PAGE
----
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Clinical Management of Hyperkalemia

Open AccessPublished:November 04, 2020DOI:https://doi.org/10.1016/j.mayocp.2020.06.014

      Abstract

      Hyperkalemia is an electrolyte abnormality with potentially life-threatening consequences. Despite various guidelines, no universally accepted consensus exists on best practices for hyperkalemia monitoring, with variations in precise potassium (K+) concentration thresholds or for the management of acute or chronic hyperkalemia. Based on the available evidence, this review identifies several critical issues and unmet needs with regard to the management of hyperkalemia. Real-world studies are needed for a better understanding of the prevalence of hyperkalemia outside the clinical trial setting. There is a need to improve effective management of hyperkalemia, including classification and K+ monitoring, when to reinitiate previously discontinued renin-angiotensin-aldosterone system inhibitor (RAASi) therapy, and when to use oral K+-binding agents. Monitoring serum K+ should be individualized; however, increased frequency of monitoring should be considered for patients with chronic kidney disease, diabetes, heart failure, or a history of hyperkalemia and for those receiving RAASi therapy. Recent clinical studies suggest that the newer K+ binders (patiromer sorbitex calcium and sodium zirconium cyclosilicate) may facilitate optimization of RAASi therapy. Enhancing the knowledge of primary care physicians and internists with respect to the safety profiles of these newer K+ binders may increase confidence in managing patients with hyperkalemia. Lastly, the availability of newer K+-binding agents requires further study to establish whether stringent dietary K+ restrictions are needed in patients receiving K+-binder therapy. Individualized monitoring of serum K+ among patients with an increased risk of hyperkalemia and the use of newer K+-binding agents may allow for optimization of RAASi therapy and more effective management of hyperkalemia.

      Abbreviations and Acronyms:

      AE (adverse event), CKD (chronic kidney disease), DKD (diabetic kidney disease), ECG (electrocardiographic), eGFR (estimated glomerular filtration rate), HF (heart failure), K+ (potassium), KDIGO (Kidney Disease: Improving Global Outcomes), MI (myocardial infarction), MRA (mineralocorticoid receptor antagonist), RAASi (renin-angiotensin-aldosterone system inhibitor), SPS (sodium polystyrene sulfonate), SZC (sodium zirconium cyclosilicate)
      Article Highlights
      • An unmet need exists for new hyperkalemia management guidelines that effectively incorporate classification and monitoring for hyperkalemia, optimization of renin-angiotensin-aldosterone system inhibitor (RAASi) therapy, and use of the newer potassium (K+) binders.
      • Treatment gaps exist between guideline recommendations and RAASi use in clinical practice among patients with an increased risk of hyperkalemia; if discontinued, RAASi therapy should be reinitiated after acute hyperkalemia has resolved.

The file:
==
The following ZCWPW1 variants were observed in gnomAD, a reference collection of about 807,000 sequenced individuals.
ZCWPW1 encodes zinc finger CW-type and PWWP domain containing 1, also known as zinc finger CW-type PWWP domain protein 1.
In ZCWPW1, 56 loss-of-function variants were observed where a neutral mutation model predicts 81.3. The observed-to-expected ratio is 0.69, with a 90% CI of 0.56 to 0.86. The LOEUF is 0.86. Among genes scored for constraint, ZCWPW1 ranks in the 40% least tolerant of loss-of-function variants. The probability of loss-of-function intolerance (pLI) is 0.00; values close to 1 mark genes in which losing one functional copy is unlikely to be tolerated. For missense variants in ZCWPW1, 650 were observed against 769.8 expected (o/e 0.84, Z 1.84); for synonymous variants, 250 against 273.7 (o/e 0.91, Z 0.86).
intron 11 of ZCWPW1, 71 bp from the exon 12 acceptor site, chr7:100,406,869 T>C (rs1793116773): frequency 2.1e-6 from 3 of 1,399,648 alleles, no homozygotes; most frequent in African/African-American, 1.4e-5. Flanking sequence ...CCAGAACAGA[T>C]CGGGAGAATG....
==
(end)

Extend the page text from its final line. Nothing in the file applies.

• The frequency of K+ monitoring should be individualized on the basis of patient comorbidities and medications (eg, RAASi), particularly in patients at high risk for development of hyperkalemia.
      • Patients with chronic hyperkalemia may benefit from long-term K+-binding therapy, initiated at the recommended dose and titrated according to serum K+ levels.
      • Use of the newer K+ binders may enable the optimization of RAASi therapy in more patients with hyperkalemia.
      Hyperkalemia, defined as an elevated serum potassium (K+) concentration of greater than 5.0 or greater than 5.5 mEq/L (mmol/L), is an electrolyte abnormality with potentially life-threatening consequences.
      • Rosano G.M.C.
      • Tamargo J.
      • Kjeldsen K.P.
      • et al.
      Expert consensus document on the management of hyperkalaemia in patients with cardiovascular disease treated with renin angiotensin aldosterone system inhibitors: coordinated by the Working Group on Cardiovascular Pharmacotherapy of the European Society of Cardiology.
      The risk for development of hyperkalemia is increased in patients with chronic kidney disease (CKD), diabetes, and heart failure (HF) and in individuals receiving renin-angiotensin-aldosterone system inhibitors (RAASis).
      • Rosano G.M.C.
      • Tamargo J.
      • Kjeldsen K.P.
      • et al.
      Expert consensus document on the management of hyperkalaemia in patients with cardiovascular disease treated with renin angiotensin aldosterone system inhibitors: coordinated by the Working Group on Cardiovascular Pharmacotherapy of the European Society of Cardiology.
      • Rafique Z.
      • Weir M.R.
      • Onuigbo M.
      • et al.
      Expert panel recommendations for the identification and management of hyperkalemia and role of patiromer in patients with chronic kidney disease and heart failure.
      • Bandak G.
      • Sang Y.
      • Gasparini A.
      • et al.
      Hyperkalemia after initiating renin-angiotensin system blockade: the Stockholm Creatinine Measurements (SCREAM) project.
      Guidelines/consensus statements for hyperkalemia management have been developed.
      • Rosano G.M.C.
      • Tamargo J.
      • Kjeldsen K.P.
      • et al.
      Expert consensus document on the management of hyperkalaemia in patients with cardiovascular disease treated with renin angiotensin aldosterone system inhibitors: coordinated by the Working Group on Cardiovascular Pharmacotherapy of the European Society of Cardiology.